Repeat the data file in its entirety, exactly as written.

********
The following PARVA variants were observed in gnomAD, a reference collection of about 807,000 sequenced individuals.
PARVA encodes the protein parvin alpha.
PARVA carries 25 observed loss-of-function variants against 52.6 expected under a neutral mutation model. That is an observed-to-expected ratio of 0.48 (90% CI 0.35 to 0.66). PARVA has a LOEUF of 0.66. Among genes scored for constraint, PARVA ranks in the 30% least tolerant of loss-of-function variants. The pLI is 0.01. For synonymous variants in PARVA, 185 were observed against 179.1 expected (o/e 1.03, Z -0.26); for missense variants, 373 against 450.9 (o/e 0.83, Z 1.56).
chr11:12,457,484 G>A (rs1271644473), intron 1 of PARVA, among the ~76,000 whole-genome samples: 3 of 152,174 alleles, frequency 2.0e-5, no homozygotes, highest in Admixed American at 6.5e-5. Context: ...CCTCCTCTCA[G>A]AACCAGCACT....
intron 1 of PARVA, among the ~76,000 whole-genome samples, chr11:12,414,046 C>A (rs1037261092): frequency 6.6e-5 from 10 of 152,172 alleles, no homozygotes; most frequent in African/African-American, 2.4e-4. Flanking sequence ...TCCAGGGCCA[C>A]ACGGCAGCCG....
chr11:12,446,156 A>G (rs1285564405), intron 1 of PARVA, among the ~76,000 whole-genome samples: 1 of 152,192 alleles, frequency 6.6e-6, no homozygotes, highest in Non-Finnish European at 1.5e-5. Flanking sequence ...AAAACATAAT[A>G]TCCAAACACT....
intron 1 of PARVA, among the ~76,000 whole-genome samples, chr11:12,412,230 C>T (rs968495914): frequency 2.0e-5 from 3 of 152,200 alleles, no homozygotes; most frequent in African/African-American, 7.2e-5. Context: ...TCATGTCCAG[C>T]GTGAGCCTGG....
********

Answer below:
The following PARVA variants were observed in gnomAD, a reference collection of about 807,000 sequenced individuals.
PARVA encodes the protein parvin alpha.
PARVA carries 25 observed loss-of-function variants against 52.6 expected under a neutral mutation model. That is an observed-to-expected ratio of 0.48 (90% CI 0.35 to 0.66). PARVA has a LOEUF of 0.66. Among genes scored for constraint, PARVA ranks in the 30% least tolerant of loss-of-function variants. The pLI is 0.01. For synonymous variants in PARVA, 185 were observed against 179.1 expected (o/e 1.03, Z -0.26); for missense variants, 373 against 450.9 (o/e 0.83, Z 1.56).
chr11:12,457,484 G>A (rs1271644473), intron 1 of PARVA, among the ~76,000 whole-genome samples: 3 of 152,174 alleles, frequency 2.0e-5, no homozygotes, highest in Admixed American at 6.5e-5. Context: ...CCTCCTCTCA[G>A]AACCAGCACT....
intron 1 of PARVA, among the ~76,000 whole-genome samples, chr11:12,414,046 C>A (rs1037261092): frequency 6.6e-5 from 10 of 152,172 alleles, no homozygotes; most frequent in African/African-American, 2.4e-4. Flanking sequence ...TCCAGGGCCA[C>A]ACGGCAGCCG....
chr11:12,446,156 A>G (rs1285564405), intron 1 of PARVA, among the ~76,000 whole-genome samples: 1 of 152,192 alleles, frequency 6.6e-6, no homozygotes, highest in Non-Finnish European at 1.5e-5. Flanking sequence ...AAAACATAAT[A>G]TCCAAACACT....
intron 1 of PARVA, among the ~76,000 whole-genome samples, chr11:12,412,230 C>T (rs968495914): frequency 2.0e-5 from 3 of 152,200 alleles, no homozygotes; most frequent in African/African-American, 7.2e-5. Context: ...TCATGTCCAG[C>T]GTGAGCCTGG....